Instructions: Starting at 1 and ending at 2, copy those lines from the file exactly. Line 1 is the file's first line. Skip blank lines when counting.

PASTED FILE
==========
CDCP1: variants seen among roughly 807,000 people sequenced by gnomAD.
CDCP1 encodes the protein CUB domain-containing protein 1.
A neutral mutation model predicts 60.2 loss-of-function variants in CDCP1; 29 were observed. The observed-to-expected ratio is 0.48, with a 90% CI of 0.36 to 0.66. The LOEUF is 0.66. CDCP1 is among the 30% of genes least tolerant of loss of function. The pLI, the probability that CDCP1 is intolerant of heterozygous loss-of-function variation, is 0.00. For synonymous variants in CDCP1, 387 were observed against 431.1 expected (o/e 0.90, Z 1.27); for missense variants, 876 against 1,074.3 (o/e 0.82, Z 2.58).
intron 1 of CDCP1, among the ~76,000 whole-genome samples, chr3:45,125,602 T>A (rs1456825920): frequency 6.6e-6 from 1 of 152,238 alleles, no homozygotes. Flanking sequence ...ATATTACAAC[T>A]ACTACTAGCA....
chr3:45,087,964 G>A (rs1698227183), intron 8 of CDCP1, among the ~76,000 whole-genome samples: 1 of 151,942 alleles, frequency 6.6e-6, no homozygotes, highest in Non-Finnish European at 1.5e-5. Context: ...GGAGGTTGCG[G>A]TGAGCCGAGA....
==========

CDCP1: variants seen among roughly 807,000 people sequenced by gnomAD.
CDCP1 encodes the protein CUB domain-containing protein 1.